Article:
Exit white tigress, enter chinkaras at Delhi Zoo

Delhi Zoo would soon bid farewell to one of a rare inmates,a white tigress which is moving to Gwalior Zoo in exchange for two pairs of chinkaras being brought in to help avoid excess inbreeding among the resident antelopes.

Updated: May 06, 2010, 13:22 PM IST

New Delhi: Delhi Zoo would soon bid
farewell to one of its rare inmates, a white tigress which is
moving to Gwalior Zoo in exchange for two pairs of chinkaras
being brought in to help avoid excess inbreeding among the
resident antelopes.

Currently, the capital`s zoo has three pairs of
endangered chinkara (Gazella bennettii) but the animals are at
risk from inbreeding, which makes it mandatory to borrow
animals from other zoos to maintain the genetic diversity of
offspring, says Delhi Zoo officials.

"The two pairs of Chinkara are being brought from
Gwalior to reduce inbreeding and slow down the loss of vigour
as the existing animals have inbreeded for two to three
generations. But the continued inbreeding results in terminal
lack of vigour and probable extinction as the gene pool
contracts, fertility decreases, abnormalities increase and
mortality rates rise," says Anand Krishna, currently in-charge
of Delhi Zoo.

Line-breeding is still a form of inbreeding i.e.
breeding within a family line and includes between two
cousins, aunt and nephew, niece and uncle as well as between
grandparent and grandchild.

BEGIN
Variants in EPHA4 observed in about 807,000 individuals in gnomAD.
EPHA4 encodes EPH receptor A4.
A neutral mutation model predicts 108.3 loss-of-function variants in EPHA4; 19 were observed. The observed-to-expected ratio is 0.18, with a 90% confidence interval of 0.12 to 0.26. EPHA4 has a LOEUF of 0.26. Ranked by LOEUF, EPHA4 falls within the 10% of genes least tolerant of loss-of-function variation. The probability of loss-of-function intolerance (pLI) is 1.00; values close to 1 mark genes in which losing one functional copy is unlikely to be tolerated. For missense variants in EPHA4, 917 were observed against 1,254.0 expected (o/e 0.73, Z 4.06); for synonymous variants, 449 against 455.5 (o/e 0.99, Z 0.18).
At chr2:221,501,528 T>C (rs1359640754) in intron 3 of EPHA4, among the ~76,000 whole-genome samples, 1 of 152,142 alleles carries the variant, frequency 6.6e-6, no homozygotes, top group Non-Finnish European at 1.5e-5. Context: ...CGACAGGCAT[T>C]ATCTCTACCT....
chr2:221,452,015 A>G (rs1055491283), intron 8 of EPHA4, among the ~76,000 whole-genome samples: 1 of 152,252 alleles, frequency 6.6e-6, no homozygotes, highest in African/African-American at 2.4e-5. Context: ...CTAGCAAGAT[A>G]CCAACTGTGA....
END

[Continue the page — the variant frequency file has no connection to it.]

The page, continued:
However, on the other hand, too much outcrossing is
also not advisable as it can cause loss of type and therefore
loss of a distinct breed.

The official says currently the zoo is the home for
two male and female white tigers. The Bengal tiger (Panthera
tigris tigris) is a subspecies of the tiger and is found in
India, Bangladesh, Nepal, Bhutan, Burma, and southern Tibet.

Tigers are among the world`s most threatened species,
with only an estimated 3,200 remaining in the wild, according
to the World Wildlife Fund.

Being hunted for game the chinkara population is also
on the decline.

Although Chinkara are under Schedule I of the Wildlife
Protection Act, they still fall prey to occasional incidents
of poaching. In a famous case film star Salman Khan was
sentenced to five years in prison for shooting chinkara and
blackbuck in Rajasthan.

"Besides, we have recently added a pair each of
endangered fox and jackal and a highly poisonous Russel Viper
for exhibit through exchange programme. Fox and jackals have
been acquired from Bilaspur Zoo while Russel`s Viper, a
venomous snake is from Bagalore Zoo," says Krishna.

PTI